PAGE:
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Stocks rise on Wall Street, stay on track for weekly gains

NEW YORK — Stocks shook off an early stumble and rose in morning trading on Wall Street on Thursday, keeping the market on track to snap a three-week losing streak.

The S&P 500 was up 0.5% at 10:58 a.m. ET. The benchmark index maintains a gain of 1.9% for the week. Stocks have mostly lost ground in recent weeks after the Federal Reserve signaled it would not stop raising interest rates anytime soon to bring down the highest inflation in decades.

The Dow Jones Industrial Average rose 133 points, or 0.4%, to 31,720 and the Nasdaq rose 0.6%.

Health care stocks made large gains. Regeneron jumped 16.9% after the company and partner Bayer reported encouraging study data on an anti-blindness drug. Banks also rose broadly. JPMorgan Chase rose 2.1%.

Bond yields remained mostly stable. The 10-year Treasury yield, which influences interest rates on mortgages and other loans, fell to 3.25% from 3.27% on Tuesday night. The two-year Treasury yield, which tends to track expectations for Fed action, fell to 3.47% from 3.44%.

Interest rate policies were at the center of investors’ concerns as the European Central Bank biggest rate hike ever, in line with measures taken by the Fed and other central banks to fight inflation. The bank’s 25-member board raised its key benchmark by three-quarters of a percentage point on Thursday.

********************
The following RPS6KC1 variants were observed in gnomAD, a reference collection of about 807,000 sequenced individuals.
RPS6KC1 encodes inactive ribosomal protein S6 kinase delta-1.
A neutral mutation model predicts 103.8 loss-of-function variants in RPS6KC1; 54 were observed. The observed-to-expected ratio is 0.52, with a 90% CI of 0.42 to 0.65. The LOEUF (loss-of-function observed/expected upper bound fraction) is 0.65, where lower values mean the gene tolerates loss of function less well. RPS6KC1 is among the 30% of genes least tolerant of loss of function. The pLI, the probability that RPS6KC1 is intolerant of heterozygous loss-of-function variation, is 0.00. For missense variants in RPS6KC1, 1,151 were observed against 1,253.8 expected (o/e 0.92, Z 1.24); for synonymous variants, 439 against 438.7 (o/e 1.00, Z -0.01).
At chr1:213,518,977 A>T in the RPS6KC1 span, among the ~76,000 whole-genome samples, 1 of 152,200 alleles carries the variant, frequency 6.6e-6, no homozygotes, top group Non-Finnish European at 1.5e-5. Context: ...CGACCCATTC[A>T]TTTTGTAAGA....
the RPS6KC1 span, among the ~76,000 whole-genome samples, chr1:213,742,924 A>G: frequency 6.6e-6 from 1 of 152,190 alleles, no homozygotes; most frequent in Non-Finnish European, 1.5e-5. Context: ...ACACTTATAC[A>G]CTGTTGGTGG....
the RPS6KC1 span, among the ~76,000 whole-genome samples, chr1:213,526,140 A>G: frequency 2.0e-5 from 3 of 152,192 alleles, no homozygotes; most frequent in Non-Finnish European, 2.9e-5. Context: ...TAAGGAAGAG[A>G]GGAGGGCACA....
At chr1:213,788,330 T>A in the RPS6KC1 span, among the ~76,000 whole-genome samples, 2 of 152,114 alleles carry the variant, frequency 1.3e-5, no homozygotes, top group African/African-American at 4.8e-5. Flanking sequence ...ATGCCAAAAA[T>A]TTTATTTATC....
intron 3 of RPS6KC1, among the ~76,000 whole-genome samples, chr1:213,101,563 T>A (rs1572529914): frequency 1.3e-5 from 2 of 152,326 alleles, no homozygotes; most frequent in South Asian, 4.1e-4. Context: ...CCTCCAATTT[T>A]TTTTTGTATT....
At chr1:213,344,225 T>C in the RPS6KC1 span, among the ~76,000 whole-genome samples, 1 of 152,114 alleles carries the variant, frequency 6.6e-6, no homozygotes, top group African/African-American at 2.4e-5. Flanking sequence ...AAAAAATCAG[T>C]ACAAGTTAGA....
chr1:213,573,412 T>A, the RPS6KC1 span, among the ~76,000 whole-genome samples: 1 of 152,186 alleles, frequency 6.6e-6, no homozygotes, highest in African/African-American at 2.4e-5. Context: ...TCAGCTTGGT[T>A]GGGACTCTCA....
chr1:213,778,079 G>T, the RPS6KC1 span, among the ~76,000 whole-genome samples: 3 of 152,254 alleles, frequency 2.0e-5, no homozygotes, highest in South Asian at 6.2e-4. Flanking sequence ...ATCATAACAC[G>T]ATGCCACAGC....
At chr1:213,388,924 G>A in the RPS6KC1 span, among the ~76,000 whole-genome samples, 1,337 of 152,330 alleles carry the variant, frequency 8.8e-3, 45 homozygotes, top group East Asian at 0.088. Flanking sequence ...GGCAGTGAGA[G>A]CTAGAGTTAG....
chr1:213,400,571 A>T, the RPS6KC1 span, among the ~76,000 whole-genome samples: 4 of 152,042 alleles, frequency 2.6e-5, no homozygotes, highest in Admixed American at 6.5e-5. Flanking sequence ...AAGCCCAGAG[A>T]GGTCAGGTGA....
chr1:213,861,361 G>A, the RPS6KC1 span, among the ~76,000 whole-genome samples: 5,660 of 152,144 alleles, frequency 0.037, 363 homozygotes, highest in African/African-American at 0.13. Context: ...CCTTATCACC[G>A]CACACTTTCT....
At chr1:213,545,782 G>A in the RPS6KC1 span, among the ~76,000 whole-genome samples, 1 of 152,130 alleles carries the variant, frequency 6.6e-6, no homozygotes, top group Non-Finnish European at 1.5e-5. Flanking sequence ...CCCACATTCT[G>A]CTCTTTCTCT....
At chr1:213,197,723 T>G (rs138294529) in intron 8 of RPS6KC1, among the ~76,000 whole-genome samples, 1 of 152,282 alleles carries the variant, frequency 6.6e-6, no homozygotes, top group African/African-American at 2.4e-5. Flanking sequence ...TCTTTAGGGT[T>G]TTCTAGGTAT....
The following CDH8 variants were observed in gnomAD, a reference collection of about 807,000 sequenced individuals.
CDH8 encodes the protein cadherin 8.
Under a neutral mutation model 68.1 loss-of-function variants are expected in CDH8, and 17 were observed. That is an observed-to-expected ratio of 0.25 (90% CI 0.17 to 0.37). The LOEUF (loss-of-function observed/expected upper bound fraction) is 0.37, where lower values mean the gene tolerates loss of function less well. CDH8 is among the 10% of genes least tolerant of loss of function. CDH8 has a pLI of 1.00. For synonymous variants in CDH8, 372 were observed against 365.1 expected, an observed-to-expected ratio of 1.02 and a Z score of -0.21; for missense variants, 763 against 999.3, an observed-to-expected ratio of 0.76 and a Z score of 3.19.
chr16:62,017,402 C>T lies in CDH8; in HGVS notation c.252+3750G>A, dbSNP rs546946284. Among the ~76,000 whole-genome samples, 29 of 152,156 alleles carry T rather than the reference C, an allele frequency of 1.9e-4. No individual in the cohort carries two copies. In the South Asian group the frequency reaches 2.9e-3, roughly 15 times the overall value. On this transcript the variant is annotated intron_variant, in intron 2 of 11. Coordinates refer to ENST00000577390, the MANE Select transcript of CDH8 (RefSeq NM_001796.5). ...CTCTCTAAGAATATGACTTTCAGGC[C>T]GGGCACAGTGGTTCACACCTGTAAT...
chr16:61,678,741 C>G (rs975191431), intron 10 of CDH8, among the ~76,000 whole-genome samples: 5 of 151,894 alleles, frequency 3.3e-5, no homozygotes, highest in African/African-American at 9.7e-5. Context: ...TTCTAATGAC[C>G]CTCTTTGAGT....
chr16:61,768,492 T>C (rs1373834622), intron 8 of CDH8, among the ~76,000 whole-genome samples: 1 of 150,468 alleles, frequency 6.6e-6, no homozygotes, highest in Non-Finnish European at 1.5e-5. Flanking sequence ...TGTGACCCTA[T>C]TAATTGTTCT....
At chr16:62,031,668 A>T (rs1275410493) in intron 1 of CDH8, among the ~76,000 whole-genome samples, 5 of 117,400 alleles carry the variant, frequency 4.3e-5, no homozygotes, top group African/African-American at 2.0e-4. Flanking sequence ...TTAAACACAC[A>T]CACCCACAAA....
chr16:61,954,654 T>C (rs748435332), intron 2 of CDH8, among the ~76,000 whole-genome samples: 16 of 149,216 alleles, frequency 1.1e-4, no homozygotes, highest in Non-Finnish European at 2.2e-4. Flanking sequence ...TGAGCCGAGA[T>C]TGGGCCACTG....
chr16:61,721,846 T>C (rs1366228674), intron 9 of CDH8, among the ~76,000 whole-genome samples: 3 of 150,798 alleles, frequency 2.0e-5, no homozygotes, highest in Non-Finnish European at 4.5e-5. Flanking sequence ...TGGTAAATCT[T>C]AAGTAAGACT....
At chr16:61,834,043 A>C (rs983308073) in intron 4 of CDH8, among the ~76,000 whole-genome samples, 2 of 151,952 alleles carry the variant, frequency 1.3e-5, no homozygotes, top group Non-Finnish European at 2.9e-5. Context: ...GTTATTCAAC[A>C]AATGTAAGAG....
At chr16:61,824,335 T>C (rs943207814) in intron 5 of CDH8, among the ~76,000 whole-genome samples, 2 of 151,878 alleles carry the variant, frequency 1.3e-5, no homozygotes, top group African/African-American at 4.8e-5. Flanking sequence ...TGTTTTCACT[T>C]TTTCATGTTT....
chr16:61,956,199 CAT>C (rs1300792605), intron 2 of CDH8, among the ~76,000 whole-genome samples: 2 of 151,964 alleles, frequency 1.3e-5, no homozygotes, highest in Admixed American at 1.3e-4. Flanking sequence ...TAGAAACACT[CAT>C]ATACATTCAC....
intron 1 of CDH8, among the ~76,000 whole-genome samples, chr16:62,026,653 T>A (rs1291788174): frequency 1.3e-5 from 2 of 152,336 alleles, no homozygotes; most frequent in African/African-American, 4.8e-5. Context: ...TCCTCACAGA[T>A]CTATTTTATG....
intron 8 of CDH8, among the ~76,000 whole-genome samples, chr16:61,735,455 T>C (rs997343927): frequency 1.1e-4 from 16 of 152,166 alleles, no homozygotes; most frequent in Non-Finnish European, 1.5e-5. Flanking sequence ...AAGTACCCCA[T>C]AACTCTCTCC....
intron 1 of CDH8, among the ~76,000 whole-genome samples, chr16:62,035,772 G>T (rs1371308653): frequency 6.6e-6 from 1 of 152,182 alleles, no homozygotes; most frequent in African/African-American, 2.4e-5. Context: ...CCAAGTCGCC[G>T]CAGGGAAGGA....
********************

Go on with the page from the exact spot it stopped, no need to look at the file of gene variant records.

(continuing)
Meanwhile, Fed Chairman Jerome Powell reaffirmed the Fed’s commitment maintain high rates “until the job is done” by returning to its 2% target.

“There is a record of failed attempts to bring inflation under control, which only increases the ultimate costs to society,” he told a monetary policy conference by the Cato Institute, a group think tank that promotes libertarian ideas.

The central bank has already hiked rates four times this year and markets expect it to deliver another whopping three-quarters of a percentage point hike at its next meeting in two weeks.

One of the Fed’s biggest fears is that households and businesses are starting to expect inflation to stay high over the long term, which could lead them to start buying in a way that creates a vicious circle making inflation even more difficult to shake.

The Fed has been criticized for not taking inflation seriously earlier, and Powell said setting interest rate policy is as much art as science. A big question remains as to whether the high inflation ravaging economies around the world is a one-off event created by the pandemic or the start of something more persistent.

Markets in Europe were higher and markets in Asia were mixed. Japan’s benchmark Nikkei 225 jumped 2.3%.

AP Business Writer Stan Choe contributed to this report.